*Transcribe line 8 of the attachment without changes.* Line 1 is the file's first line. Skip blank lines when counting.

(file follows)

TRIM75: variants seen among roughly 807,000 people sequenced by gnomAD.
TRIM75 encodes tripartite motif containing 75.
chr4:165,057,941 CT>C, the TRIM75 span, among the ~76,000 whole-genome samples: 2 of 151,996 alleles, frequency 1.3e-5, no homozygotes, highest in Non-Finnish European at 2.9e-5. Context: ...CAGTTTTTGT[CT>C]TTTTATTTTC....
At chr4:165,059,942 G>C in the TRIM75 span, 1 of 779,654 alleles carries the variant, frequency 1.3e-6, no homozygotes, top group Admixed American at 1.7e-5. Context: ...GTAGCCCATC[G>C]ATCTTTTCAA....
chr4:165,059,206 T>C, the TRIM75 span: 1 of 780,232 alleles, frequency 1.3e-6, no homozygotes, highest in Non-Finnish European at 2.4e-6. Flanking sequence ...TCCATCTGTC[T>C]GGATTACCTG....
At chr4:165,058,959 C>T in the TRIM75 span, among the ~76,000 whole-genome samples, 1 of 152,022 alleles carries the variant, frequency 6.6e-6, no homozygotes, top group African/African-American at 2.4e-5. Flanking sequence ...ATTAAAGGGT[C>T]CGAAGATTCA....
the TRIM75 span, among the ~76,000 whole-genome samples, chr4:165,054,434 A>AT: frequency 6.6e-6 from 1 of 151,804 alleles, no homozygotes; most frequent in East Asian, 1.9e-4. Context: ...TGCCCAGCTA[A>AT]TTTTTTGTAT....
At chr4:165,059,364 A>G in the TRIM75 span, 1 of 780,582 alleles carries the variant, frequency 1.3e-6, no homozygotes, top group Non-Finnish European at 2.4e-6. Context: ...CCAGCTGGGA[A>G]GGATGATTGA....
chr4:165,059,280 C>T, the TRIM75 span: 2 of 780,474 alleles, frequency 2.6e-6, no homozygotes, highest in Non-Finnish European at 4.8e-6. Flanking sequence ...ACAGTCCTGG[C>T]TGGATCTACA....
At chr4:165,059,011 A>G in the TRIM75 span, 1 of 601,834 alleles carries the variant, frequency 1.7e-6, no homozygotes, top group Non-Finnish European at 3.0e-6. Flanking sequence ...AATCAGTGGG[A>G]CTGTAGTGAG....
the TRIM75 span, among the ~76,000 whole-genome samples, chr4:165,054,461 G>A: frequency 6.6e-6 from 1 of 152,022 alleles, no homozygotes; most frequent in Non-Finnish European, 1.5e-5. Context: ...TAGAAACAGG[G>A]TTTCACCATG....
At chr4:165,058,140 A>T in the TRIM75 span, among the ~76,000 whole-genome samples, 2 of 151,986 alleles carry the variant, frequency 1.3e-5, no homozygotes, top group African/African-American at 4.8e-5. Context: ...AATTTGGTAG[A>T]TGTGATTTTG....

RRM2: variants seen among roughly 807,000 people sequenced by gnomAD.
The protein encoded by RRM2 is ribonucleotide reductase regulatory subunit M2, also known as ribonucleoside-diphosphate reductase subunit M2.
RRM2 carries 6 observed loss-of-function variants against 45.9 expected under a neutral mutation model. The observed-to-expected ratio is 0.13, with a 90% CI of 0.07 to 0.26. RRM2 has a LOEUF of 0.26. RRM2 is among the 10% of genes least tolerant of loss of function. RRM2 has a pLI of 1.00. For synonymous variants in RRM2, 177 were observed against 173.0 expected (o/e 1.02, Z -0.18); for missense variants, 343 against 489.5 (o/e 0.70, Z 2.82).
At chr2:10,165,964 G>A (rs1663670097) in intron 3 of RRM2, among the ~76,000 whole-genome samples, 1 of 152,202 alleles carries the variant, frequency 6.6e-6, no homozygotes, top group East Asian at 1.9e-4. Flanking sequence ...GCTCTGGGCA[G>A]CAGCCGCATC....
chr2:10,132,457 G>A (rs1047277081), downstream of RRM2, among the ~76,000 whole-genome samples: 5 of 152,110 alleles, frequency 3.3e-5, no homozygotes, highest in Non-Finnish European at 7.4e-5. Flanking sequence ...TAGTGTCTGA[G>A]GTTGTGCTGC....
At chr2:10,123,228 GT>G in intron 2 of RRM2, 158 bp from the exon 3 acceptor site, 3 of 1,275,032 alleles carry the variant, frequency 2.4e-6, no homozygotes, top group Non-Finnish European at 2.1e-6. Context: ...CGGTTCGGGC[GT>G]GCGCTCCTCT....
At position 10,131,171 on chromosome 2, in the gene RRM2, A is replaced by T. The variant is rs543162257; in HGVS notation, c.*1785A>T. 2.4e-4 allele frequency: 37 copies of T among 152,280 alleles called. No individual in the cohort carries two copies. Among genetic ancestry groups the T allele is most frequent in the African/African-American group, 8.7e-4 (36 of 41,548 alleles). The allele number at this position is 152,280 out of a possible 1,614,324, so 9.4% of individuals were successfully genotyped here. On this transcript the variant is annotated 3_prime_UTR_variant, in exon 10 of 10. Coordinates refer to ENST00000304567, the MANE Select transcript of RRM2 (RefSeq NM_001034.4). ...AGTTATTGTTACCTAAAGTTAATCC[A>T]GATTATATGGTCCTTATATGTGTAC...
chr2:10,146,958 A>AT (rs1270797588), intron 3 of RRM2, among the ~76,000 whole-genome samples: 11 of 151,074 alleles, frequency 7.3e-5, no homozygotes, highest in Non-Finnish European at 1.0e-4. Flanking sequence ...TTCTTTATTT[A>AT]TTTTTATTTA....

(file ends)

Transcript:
At chr4:165,059,364 A>G in the TRIM75 span, 1 of 780,582 alleles carries the variant, frequency 1.3e-6, no homozygotes, top group Non-Finnish European at 2.4e-6. Context: ...CCAGCTGGGA[A>G]GGATGATTGA....